Don't Be the Next Victim of Ransomware
Don't Be the Next Victim of Ransomware
Ransomware is an increasingly common method of attack for hackers against individuals, SMBs and enterprises alike. While the first incidents of ransomware were discovered as early as 2005, the last three years have seen this type of threat explode in popularity and compromise millions of computers and mobile devices around the world.
So what is it and how does it work?
Ransomware is a type of advanced malware attack that takes hold of a device, either locking the user out entirely or encrypting files so they cannot be used. This type of attack can gain access to your device in a variety of ways. Whether downloaded from a malicious or compromised website, delivered as an attachment from a phishing email or dropped by exploit kits onto vulnerable systems, once executed in the system ransomware will either lock the computer or encrypt predetermined files. The attacker will then make themselves known with an “official” ransom demand, as well as thorough instructions and timelines on how to make a payment to either regain access to the device or to receive the decryption key for the captive files.
What about Petya 2.0?
On 27 June 2017, another virulent ransomware variant began to rapidly infect computers across the globe. Petya 2.0 (also called NotPetya by some researchers) is primarily distributed using a fake order confirmation attachment on a phishing email. After it infects the initial victim, Petya 2.0 moves laterally through the victim’s network by exploiting the same EternalBlue (MS17-010) vulnerability as the WannaCry ransomware variant, as well as by leveraging PsExec and WMIC.
Petya 2.0 works differently than traditional ransomware by encrypting the Master Boot Record (MBR) on the victim’s computer, instead of individual files. By encrypting the MBR, the victim is locked out of their operating system and files completely.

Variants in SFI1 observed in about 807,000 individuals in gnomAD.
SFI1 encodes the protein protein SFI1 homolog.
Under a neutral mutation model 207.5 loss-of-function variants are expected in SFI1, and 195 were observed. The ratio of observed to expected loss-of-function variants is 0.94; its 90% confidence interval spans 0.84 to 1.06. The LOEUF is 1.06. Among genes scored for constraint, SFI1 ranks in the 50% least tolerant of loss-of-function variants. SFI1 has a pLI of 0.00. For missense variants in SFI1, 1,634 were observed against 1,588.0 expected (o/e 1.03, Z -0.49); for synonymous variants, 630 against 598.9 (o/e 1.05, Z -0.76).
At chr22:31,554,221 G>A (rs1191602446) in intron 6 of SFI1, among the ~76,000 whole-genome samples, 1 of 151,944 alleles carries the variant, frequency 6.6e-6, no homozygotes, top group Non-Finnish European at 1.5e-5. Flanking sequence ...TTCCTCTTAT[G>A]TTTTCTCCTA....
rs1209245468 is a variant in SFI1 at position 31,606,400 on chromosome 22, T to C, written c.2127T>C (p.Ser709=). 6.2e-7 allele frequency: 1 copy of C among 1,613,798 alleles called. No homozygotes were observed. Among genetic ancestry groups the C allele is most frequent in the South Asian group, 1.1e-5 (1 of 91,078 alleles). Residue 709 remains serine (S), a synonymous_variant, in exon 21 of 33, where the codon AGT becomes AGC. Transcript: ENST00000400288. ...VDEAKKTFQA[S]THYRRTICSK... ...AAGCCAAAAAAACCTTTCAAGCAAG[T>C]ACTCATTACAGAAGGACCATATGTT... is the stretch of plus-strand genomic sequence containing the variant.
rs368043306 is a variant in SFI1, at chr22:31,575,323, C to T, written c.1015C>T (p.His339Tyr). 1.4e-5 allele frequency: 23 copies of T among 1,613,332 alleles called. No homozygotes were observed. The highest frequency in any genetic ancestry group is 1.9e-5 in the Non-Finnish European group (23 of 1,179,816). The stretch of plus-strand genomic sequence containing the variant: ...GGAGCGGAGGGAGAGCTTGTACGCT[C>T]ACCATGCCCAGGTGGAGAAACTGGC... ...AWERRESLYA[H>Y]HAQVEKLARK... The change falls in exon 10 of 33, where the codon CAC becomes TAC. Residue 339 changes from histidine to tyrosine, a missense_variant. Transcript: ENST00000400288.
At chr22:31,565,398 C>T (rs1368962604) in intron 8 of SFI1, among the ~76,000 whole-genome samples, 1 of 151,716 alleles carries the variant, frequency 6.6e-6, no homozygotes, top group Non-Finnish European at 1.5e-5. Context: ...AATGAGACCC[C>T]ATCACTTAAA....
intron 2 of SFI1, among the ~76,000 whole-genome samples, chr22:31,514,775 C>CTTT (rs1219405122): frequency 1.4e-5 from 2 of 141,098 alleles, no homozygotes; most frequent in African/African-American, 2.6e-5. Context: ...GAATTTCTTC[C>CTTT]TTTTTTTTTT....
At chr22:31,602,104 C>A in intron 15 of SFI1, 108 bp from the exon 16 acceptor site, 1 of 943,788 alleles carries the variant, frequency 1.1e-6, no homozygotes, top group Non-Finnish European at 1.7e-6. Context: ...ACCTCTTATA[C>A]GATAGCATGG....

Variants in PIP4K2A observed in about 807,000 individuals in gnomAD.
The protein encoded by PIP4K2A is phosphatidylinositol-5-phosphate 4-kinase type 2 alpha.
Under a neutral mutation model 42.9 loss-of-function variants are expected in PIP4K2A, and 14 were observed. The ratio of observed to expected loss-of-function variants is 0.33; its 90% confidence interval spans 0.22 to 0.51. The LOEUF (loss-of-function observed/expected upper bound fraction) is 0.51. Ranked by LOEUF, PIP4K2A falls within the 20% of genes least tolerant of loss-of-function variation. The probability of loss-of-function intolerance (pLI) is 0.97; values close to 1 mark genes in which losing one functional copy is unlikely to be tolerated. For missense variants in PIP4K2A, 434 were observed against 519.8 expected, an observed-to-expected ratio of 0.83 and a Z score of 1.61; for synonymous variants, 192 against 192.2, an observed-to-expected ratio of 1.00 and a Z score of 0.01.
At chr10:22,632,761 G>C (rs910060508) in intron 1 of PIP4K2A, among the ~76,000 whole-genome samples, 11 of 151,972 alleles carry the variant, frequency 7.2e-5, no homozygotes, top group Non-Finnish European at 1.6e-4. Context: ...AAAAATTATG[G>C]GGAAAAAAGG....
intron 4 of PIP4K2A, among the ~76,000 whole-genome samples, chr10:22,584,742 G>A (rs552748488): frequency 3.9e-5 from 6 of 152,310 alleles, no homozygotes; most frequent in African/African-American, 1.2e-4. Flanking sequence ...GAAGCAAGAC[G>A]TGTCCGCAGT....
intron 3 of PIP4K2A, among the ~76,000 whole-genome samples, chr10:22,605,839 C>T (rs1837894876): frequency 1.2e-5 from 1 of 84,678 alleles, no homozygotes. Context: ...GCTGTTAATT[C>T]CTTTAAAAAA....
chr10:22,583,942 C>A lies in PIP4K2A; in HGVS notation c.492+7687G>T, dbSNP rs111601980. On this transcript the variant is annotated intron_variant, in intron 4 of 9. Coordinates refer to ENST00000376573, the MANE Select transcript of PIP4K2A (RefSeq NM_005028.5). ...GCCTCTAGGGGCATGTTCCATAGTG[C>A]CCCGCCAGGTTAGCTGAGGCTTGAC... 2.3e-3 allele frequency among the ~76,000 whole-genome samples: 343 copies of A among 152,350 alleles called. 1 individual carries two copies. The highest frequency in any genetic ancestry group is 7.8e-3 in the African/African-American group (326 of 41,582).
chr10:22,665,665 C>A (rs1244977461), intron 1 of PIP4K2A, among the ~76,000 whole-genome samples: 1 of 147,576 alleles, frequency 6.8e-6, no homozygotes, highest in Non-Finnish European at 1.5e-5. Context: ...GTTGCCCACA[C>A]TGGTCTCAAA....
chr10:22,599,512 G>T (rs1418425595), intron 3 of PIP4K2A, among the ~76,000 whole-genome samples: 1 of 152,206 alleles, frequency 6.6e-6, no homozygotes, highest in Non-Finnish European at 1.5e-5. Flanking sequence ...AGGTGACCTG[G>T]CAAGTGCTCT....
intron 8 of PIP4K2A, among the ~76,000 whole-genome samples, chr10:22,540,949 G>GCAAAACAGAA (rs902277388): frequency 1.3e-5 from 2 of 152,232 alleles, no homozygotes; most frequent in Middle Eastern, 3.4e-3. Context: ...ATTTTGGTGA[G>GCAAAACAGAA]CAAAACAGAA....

Unfortunately for organizations, news like this the new normal. WannaCry and Petya 2.0 are highly publicized attacks, and something new we don’t even know about yet just around the corner. Bottom-line, ransomware is a consistent threat to companies of all shapes and sizes, and the publicity brings to light just how critical adoption of a layered approach to security is. For example, as our Q1 Internet Security Report pointed out, 38% of malware gets past legacy AV, this is why services like IPS, sandboxing, and detection and response are so critical. No single solution is going to provide 100% coverage. There is no better time to get WatchGuard’s Total Security Suite!
Now what do you do?
The traditional advice in defending against these types of attacks includes persistent reminders to educate users, perform regular software updates and back up all critical devices. All great best-practice rules to live by, but these tips only provide a minimal, first level of defense against an advanced attack. Experts also agree that a layered approach to security is key to an active defense against ransomware. WatchGuard Total Security Suite, available with all Firebox appliances, provides strong defenses against advanced malware and ransomware. Security controls included in the Total Security Suite, such as WebBlocker, APT Blocker and Host Ransomware Prevention, help to detect and prevent common methods of ransomware attacks.
Downloads & Resources
How to Prevent Ransomware
Host Ransomware Prevention
The Host Ransomware Prevention (HRP) feature of Threat Detection and Response enables industry-leading prevention against ransomware attacks. HRP blocks the execution of ransomware before any file encryption on the endpoint takes place, mitigating the attack before any data is lost or damage is done.
APT Blocker is a dynamic sandboxing solution providing detailed visibility and analysis into the execution of malware. If the file has never been seen before, the files are detonated in a virtual environment to analyze the behavior and determine the threat level, protecting against advanced malware and zero-day threats.